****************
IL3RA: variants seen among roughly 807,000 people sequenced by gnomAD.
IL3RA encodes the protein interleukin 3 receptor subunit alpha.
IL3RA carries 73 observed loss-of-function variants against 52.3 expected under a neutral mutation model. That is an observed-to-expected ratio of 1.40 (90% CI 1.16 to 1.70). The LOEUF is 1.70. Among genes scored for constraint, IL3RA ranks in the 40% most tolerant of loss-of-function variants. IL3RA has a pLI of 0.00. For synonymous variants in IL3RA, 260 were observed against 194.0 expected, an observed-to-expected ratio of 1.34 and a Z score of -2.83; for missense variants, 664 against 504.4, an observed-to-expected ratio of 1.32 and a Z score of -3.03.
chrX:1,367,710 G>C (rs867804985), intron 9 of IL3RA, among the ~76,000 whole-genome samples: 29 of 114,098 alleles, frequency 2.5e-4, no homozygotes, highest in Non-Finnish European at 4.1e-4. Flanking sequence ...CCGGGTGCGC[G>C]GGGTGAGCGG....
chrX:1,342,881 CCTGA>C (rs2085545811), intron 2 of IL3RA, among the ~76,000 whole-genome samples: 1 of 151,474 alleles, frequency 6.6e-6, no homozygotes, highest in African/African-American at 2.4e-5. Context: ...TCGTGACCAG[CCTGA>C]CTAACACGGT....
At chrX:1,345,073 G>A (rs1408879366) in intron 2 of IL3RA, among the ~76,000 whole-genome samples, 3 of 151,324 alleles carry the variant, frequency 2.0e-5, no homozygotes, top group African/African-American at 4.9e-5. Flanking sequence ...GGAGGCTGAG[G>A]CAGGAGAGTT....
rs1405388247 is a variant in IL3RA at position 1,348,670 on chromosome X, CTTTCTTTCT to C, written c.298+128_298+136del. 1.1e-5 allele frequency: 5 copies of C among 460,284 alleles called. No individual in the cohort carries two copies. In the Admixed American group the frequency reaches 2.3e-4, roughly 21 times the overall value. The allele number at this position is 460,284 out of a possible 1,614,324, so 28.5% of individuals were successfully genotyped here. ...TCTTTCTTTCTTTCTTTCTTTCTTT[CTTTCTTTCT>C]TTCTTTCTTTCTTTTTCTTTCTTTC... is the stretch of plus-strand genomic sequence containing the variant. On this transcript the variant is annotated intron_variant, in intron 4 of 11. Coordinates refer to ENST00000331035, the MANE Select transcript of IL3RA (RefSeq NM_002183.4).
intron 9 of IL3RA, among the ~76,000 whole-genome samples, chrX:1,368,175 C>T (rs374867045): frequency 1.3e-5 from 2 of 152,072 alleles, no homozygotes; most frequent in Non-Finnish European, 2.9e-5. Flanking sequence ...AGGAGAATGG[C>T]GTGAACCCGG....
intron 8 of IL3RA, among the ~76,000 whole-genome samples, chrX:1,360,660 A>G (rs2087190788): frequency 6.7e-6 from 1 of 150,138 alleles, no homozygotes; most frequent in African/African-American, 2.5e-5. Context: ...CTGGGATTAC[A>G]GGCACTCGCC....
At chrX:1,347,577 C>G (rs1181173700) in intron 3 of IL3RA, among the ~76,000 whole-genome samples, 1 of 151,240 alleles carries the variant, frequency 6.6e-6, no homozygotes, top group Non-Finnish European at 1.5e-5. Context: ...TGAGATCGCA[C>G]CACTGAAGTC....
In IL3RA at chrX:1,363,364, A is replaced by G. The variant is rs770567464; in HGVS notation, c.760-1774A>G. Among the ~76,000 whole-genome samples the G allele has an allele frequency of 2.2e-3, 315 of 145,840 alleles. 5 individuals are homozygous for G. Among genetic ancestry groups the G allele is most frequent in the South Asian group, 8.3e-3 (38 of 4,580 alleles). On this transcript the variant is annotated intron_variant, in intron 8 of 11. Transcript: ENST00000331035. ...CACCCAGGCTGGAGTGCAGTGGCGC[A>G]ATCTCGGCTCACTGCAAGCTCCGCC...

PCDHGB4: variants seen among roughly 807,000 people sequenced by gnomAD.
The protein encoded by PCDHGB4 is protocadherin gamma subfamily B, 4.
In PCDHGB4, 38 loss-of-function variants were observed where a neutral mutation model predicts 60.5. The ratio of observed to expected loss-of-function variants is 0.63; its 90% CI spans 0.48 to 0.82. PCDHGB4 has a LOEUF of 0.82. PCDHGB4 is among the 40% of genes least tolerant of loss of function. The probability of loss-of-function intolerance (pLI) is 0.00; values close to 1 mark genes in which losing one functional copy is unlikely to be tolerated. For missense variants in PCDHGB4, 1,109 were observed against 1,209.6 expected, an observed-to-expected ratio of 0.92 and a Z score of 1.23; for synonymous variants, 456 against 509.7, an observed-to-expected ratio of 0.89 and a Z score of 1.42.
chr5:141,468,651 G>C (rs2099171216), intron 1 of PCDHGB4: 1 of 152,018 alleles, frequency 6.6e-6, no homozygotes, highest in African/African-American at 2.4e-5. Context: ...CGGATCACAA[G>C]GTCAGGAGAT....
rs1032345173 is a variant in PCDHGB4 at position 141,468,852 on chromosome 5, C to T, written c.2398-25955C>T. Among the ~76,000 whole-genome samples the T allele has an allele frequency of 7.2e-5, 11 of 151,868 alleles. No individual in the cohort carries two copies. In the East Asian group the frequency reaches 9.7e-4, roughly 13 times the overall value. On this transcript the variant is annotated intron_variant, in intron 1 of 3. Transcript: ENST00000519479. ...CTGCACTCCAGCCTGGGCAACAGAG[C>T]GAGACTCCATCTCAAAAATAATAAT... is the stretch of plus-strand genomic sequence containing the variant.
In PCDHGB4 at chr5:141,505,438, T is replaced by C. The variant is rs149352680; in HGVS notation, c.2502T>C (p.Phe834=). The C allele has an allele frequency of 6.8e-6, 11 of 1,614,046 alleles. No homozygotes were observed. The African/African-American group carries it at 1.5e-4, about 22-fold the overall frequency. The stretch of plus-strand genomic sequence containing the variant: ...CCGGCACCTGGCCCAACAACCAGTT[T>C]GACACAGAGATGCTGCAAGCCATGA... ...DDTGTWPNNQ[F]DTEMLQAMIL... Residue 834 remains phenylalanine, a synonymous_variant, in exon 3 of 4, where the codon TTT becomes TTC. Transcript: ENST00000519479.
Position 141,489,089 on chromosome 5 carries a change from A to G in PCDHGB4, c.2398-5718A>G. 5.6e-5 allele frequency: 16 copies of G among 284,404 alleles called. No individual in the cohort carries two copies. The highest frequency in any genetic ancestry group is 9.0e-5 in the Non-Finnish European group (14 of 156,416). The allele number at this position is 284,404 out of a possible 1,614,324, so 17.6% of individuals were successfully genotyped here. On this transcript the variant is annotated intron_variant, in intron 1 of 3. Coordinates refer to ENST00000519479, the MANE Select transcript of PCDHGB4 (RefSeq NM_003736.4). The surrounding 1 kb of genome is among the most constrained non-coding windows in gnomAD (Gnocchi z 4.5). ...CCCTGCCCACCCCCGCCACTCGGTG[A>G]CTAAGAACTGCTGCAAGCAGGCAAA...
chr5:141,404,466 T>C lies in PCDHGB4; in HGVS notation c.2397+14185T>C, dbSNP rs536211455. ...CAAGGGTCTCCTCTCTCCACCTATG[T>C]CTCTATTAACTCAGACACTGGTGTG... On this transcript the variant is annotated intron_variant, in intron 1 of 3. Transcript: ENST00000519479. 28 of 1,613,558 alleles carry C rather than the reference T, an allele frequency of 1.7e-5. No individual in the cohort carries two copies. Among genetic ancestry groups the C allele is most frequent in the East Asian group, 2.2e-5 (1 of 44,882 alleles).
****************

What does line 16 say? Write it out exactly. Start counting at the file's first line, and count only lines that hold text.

rs1032345173 is a variant in PCDHGB4 at position 141,468,852 on chromosome 5, C to T, written c.2398-25955C>T. Among the ~76,000 whole-genome samples the T allele has an allele frequency of 7.2e-5, 11 of 151,868 alleles. No individual in the cohort carries two copies. In the East Asian group the frequency reaches 9.7e-4, roughly 13 times the overall value. On this transcript the variant is annotated intron_variant, in intron 1 of 3. Transcript: ENST00000519479. ...CTGCACTCCAGCCTGGGCAACAGAG[C>T]GAGACTCCATCTCAAAAATAATAAT... is the stretch of plus-strand genomic sequence containing the variant.